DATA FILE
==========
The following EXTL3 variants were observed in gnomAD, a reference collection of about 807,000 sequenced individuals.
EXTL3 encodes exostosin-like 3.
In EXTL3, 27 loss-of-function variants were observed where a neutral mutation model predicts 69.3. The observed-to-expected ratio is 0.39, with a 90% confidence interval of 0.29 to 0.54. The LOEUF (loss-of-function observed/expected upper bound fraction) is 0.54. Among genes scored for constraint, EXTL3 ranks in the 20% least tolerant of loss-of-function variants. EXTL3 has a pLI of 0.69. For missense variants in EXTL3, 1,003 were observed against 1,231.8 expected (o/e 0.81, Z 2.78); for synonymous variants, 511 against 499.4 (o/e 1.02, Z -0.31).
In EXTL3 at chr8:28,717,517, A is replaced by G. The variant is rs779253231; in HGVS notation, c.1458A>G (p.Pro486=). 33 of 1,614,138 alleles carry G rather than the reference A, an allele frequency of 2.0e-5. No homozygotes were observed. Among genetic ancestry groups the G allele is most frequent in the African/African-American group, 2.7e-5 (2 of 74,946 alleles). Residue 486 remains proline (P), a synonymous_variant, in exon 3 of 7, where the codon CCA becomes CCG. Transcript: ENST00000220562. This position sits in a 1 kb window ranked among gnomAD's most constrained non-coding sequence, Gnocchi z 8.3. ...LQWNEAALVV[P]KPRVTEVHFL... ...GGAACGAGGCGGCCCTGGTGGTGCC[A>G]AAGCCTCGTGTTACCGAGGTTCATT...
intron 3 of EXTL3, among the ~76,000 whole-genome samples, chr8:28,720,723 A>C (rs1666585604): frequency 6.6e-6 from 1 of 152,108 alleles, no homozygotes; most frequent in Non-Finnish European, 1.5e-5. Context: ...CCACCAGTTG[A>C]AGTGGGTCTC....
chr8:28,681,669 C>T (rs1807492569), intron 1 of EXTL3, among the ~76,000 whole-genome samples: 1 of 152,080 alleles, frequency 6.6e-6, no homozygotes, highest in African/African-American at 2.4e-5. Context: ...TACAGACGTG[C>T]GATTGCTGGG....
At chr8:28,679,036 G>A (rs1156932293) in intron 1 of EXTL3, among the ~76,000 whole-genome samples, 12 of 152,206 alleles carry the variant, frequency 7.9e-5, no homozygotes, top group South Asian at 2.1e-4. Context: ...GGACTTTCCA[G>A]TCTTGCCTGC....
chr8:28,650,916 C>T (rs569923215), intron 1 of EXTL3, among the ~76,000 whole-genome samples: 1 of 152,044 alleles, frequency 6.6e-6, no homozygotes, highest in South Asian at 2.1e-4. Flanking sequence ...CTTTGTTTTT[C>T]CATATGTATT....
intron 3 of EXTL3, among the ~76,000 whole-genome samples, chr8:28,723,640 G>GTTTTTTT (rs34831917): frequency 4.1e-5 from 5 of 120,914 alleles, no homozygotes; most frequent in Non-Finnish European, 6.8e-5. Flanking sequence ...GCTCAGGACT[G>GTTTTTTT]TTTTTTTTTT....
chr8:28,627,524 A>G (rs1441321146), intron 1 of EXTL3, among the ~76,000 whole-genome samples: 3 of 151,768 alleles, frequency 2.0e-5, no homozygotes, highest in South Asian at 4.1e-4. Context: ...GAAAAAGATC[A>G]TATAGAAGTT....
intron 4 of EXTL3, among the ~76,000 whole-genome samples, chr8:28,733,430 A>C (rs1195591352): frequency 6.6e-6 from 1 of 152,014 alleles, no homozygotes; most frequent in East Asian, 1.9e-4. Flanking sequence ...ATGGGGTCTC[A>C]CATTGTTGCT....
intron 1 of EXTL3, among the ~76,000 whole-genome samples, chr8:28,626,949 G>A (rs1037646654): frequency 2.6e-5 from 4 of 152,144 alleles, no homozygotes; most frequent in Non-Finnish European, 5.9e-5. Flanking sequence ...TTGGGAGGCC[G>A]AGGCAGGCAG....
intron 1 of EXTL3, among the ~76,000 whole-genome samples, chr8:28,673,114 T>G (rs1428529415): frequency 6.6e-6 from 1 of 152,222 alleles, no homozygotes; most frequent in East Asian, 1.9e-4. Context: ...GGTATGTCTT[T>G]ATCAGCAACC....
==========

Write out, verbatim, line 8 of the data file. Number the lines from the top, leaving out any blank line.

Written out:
chr8:28,650,916 C>T (rs569923215), intron 1 of EXTL3, among the ~76,000 whole-genome samples: 1 of 152,044 alleles, frequency 6.6e-6, no homozygotes, highest in South Asian at 2.1e-4. Flanking sequence ...CTTTGTTTTT[C>T]CATATGTATT....